I live in the Appalachian Mountains among people who are easily stereotyped – the movie, Deliverance, comes to mind. My experience of these folk, however, flies in the face of such prejudice. Time and time again, I find my neighbors to be thoughtful and insightful. At a time in our country’s history that is bitterly divided along ideological lines, many in Appalachian culture cultivate nuanced views of social and political issues. I find it refreshing that it’s hard to classify them as conservative or liberal. Sharyn McCrumb is teaching me that they come by this trait honestly.
McCrumb writes historical fiction, especially focusing on the Civil War period. Now, I had thought that people in Virginia would have been ardent supporters of the Confederacy. But history clearly shows that, while there are Confederate flags flying today in some neighborhoods today, many people in the mountains were in favor of the Union throughout the war. McCrumb’s Ghost Riders documents the conflicted and even tortured lives of Appalachian families whose loyalties were divided.
How could citizens in Southern states support the Union? The short answer is that class boundaries are not as strictly defined as state lines. Most of the Appalachian farmers were too poor to own slaves. They eked out a living on the first frontier ofAmerica before settlers moved west. According to McCrumb, such people mainly wanted to be left alone; yet for all their talk of states’ rights, the Confederate nation quickly began imposing even more regulations than the United States government. Notably, the Conscription Act required all male citizens to serve in the Confederate army. (That is, males who did not have the money to buy their independence!) As the war dragged on, even young boys and older men were forced to fight, forcibly taken from their farms. If they resisted, women and children often suffered, even to the point of execution.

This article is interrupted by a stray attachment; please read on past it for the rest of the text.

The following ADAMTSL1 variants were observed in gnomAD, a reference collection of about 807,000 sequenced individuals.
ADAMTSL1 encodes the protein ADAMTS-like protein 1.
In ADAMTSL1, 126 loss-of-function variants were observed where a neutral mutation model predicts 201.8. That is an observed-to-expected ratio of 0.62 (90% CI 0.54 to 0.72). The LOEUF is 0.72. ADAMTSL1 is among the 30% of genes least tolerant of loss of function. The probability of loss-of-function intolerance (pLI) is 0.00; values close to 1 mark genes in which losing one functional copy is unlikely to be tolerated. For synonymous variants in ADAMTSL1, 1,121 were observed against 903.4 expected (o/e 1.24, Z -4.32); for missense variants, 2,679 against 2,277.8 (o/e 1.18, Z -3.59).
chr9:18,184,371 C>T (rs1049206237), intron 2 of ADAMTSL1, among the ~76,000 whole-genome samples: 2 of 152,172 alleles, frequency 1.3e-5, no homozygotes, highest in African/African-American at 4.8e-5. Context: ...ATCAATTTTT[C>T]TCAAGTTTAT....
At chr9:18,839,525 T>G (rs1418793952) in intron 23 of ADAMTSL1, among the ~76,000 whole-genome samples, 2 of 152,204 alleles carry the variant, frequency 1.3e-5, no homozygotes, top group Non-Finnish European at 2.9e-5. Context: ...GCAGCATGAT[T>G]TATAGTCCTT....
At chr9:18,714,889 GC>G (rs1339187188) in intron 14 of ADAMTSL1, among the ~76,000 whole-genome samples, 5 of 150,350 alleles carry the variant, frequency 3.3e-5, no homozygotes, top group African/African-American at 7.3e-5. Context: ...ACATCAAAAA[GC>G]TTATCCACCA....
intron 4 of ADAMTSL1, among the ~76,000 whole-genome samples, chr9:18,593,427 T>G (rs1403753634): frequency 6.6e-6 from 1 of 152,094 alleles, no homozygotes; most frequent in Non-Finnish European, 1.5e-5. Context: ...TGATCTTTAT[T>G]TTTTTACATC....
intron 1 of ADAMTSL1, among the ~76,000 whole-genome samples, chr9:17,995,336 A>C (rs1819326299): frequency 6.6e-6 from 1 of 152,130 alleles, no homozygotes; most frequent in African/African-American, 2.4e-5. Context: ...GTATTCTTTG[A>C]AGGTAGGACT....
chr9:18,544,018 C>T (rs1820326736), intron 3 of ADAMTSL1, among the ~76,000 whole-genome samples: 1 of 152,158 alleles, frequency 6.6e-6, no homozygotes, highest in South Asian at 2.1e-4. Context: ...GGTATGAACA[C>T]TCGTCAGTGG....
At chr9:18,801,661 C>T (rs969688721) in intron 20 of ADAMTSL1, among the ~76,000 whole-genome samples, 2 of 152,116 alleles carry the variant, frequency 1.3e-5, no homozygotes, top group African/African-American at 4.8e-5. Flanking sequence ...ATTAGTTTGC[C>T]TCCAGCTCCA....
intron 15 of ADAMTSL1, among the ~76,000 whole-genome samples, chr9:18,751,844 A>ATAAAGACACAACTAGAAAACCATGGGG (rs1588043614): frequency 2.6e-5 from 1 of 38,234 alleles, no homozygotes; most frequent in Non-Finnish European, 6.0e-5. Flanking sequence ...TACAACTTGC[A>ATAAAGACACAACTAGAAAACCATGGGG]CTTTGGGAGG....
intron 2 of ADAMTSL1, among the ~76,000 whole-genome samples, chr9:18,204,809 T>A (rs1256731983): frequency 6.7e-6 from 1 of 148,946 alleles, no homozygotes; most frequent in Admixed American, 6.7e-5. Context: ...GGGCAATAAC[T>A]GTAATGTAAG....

Given no other alternative, many Appalachian farmers turned to the Union army and waged guerrilla warfare against their secessionist states. As a result, neighbor was pitted against neighbor, family against family. McCrumb convincingly demonstrates that in such complexity we are all complicit – there is more than enough blame to go around on each side.
With graphic prose, Ghost Riders lays waste to our stereotypes about Confederate soldiers, but ultimately, its most profound lesson may well be that war is true hell. Reading about such carnage and cruelty renders all the supposedly righteous reason for fighting utterly hollow. I wonder if more people knew this back story of divided loyalties and tragedy during the Civil War, if they would still want to “reenact” these atrocious battles.
Perhaps Augustine said it best long ago: if we must fight, then we enter every war with tears in our eyes.